April 8, 2012; Sacramento, CA, USA; Houston Rockets guard Kyle Lowry (7) points to the team bench after forward Chase Budinger (not pictured) made a three point basket against the Sacramento Kings in the fourth quarter at the Power Balance Pavilion. The Rockets defeated the Kings 104-87. Mandatory Credit: Cary Edmondson-US PRESSWIRE
In case you missed the FanShot discussion last night, Chad Ford reports that the Houston Rockets are in talks with the Kings and Raptors about a trade that could include Houston's No. 14 pick, No. 16 and a certain Kyle Lowry. The Rockets' target is Andre Drummond, so chances are that Houston needs to climb all the way to No. 5 or No. 6 to be assured of grabbing him.
Ford also reports that the Kings' plans to trade the No. 5 pick are all but obvious because they've only really worked out mid-first rounders. This, however, is a stretch and a bit of a convolution. The Kings have worked out Andre Drummond, too, and Damian Lillard. Those are options at No. 5 if the wrong "leftover" is there. So is Henson, really -- he's as close to a No. 5 than a No. 14. The Kings had a workout with Harrison Barnes scheduled, but he canceled after a couple of strong days at D.C. (No. 3) and Cleveland (No. 4). As section214 has pointed out repeatedly, none of the top five guys have worked out for teams picking lower than No. 5. This is not a special snub.
The major asset coming back in any iteration of the trade, though, is Kyle Lowry. He flirted with All-Star status before tailing off last season. He'll make $11.9 million over the next two years, and only $1 million of the 2013-14 salary is guaranteed, so he also happens to be one of the best bargains in the NBA. (I just saw George Maloof's head pop out of the bushes when I said the word 'bargain.' Weird.) He finished the season with an 18.9 PER ("but I hate PER!"), averaging 14.3 points, 6.6 assists, 4.6 rebounds and 1.7 steals per game. He's a point guard, and he likes to run the offense. (Part of why he's available: he bristled at sharing point guard duties with Goran Dragic, who came on strong while Lowry battled an infection). He's become a legitimate deep shooter, hitting more than 37 percent of his threes on more than four attempts per game in the last two seasons. Check out Mike Prada's excellent piece on Lowry's development from January.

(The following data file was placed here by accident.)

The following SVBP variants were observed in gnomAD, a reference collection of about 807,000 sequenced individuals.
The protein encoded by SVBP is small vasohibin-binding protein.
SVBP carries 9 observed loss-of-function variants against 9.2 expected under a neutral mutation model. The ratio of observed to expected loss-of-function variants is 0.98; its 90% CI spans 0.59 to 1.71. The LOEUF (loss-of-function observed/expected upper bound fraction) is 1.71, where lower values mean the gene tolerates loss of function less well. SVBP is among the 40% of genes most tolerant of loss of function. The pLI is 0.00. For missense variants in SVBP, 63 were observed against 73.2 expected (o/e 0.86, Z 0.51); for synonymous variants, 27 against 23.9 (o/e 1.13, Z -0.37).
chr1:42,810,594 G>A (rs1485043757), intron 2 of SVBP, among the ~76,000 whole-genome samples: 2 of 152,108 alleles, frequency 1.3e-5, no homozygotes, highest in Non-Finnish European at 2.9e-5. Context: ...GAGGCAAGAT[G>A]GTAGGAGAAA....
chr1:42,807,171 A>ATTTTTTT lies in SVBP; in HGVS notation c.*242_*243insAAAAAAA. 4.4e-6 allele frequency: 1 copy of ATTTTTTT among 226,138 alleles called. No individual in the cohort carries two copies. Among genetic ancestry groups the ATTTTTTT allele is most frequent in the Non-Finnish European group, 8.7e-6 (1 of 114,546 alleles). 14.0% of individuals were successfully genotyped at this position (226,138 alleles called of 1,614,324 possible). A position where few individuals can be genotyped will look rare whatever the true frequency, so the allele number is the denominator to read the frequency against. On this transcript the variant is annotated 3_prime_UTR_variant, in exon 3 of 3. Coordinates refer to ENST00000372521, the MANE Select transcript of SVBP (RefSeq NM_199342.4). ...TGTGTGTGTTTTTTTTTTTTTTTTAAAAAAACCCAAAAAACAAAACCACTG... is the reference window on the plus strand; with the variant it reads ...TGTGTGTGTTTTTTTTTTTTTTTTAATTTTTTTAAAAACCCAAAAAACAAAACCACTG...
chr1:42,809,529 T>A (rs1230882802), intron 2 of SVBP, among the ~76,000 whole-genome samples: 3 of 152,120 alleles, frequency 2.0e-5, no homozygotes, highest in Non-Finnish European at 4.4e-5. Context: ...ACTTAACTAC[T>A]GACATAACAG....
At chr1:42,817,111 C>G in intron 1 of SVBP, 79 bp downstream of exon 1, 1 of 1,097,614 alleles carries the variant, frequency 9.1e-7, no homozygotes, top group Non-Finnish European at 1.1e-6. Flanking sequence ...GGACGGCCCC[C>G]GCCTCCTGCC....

Ford reports that Houston wants the No. 5 and Toronto's No. 8 to make a bid for Dwight Howard. Lowry makes much more sense for Toronto, who has Jose Calderon (sad castanets) and free agent Jerryd Bayless at point. Lowry would be a huge upgrade. The Kings have Isaiah Thomas, who is pretty good pretty good alright, Tyreke Evans (I know, I know, NaPG) and Jimmer Fredette, who is also NaPG, but of whom Keith Smart insists is a point guard. So.
In my mind, the No. 5 is worth more than the No. 14 and 16 and any realistic non-Lowry player Houston can offer. (Kevin Martin is not realistic. Not happening.) The one exception: if Geoff Petrie loves Donatas Motiejunas, a sweet-shooting Lithuanian forward, and Houston makes him available, then Motiejunas, No. 14 and No. 16 might get it done. Lowry could probably get No. 8 on his own, easily. It could also evolve into a three-team deal where Toronto sends Sacramento player for one of the mid-first picks. Unfortunately, Toronto doesn't have a whole lot that they'd be willing to part with that make sense for the Kings. I don't think the Raptors are trading Andrea Bargnani, and DeMar DeRozan would just add to the Kings' glut at two-guard.
This is a very interesting rumor, and I'm going to need to pay more attention to John Henson, Tyler Zeller and Moe Harkless, obviously. Gah!
The reason why this trade or any version of it makes little sense for the Kings: the player left over from the top five will almost assuredly carry with him the potential to be much better than Kyle Lowry. Why jump the gun? It's not like these top picks are going to take years to develop.